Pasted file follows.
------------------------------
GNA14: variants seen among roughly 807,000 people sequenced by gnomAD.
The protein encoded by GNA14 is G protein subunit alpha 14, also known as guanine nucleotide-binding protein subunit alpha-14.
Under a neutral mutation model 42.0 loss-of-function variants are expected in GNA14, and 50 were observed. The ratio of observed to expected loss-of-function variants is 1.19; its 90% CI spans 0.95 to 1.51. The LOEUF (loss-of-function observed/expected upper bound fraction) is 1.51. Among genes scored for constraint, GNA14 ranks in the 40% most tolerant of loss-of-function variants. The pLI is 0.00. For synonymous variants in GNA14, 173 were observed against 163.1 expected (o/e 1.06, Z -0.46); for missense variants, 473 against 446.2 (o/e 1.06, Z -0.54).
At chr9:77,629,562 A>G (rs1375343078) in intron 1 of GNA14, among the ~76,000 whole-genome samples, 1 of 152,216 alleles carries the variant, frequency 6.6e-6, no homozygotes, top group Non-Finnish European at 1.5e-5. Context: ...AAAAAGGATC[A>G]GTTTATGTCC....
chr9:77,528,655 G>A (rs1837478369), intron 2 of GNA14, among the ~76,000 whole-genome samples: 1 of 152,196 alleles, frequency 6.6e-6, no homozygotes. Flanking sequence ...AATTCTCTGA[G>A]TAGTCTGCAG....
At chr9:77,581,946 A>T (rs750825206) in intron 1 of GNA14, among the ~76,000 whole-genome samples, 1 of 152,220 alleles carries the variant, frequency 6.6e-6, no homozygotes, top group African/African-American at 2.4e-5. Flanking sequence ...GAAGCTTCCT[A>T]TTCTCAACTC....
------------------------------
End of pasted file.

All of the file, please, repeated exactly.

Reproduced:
GNA14: variants seen among roughly 807,000 people sequenced by gnomAD.
The protein encoded by GNA14 is G protein subunit alpha 14, also known as guanine nucleotide-binding protein subunit alpha-14.
Under a neutral mutation model 42.0 loss-of-function variants are expected in GNA14, and 50 were observed. The ratio of observed to expected loss-of-function variants is 1.19; its 90% CI spans 0.95 to 1.51. The LOEUF (loss-of-function observed/expected upper bound fraction) is 1.51. Among genes scored for constraint, GNA14 ranks in the 40% most tolerant of loss-of-function variants. The pLI is 0.00. For synonymous variants in GNA14, 173 were observed against 163.1 expected (o/e 1.06, Z -0.46); for missense variants, 473 against 446.2 (o/e 1.06, Z -0.54).
At chr9:77,629,562 A>G (rs1375343078) in intron 1 of GNA14, among the ~76,000 whole-genome samples, 1 of 152,216 alleles carries the variant, frequency 6.6e-6, no homozygotes, top group Non-Finnish European at 1.5e-5. Context: ...AAAAAGGATC[A>G]GTTTATGTCC....
chr9:77,528,655 G>A (rs1837478369), intron 2 of GNA14, among the ~76,000 whole-genome samples: 1 of 152,196 alleles, frequency 6.6e-6, no homozygotes. Flanking sequence ...AATTCTCTGA[G>A]TAGTCTGCAG....
At chr9:77,581,946 A>T (rs750825206) in intron 1 of GNA14, among the ~76,000 whole-genome samples, 1 of 152,220 alleles carries the variant, frequency 6.6e-6, no homozygotes, top group African/African-American at 2.4e-5. Flanking sequence ...GAAGCTTCCT[A>T]TTCTCAACTC....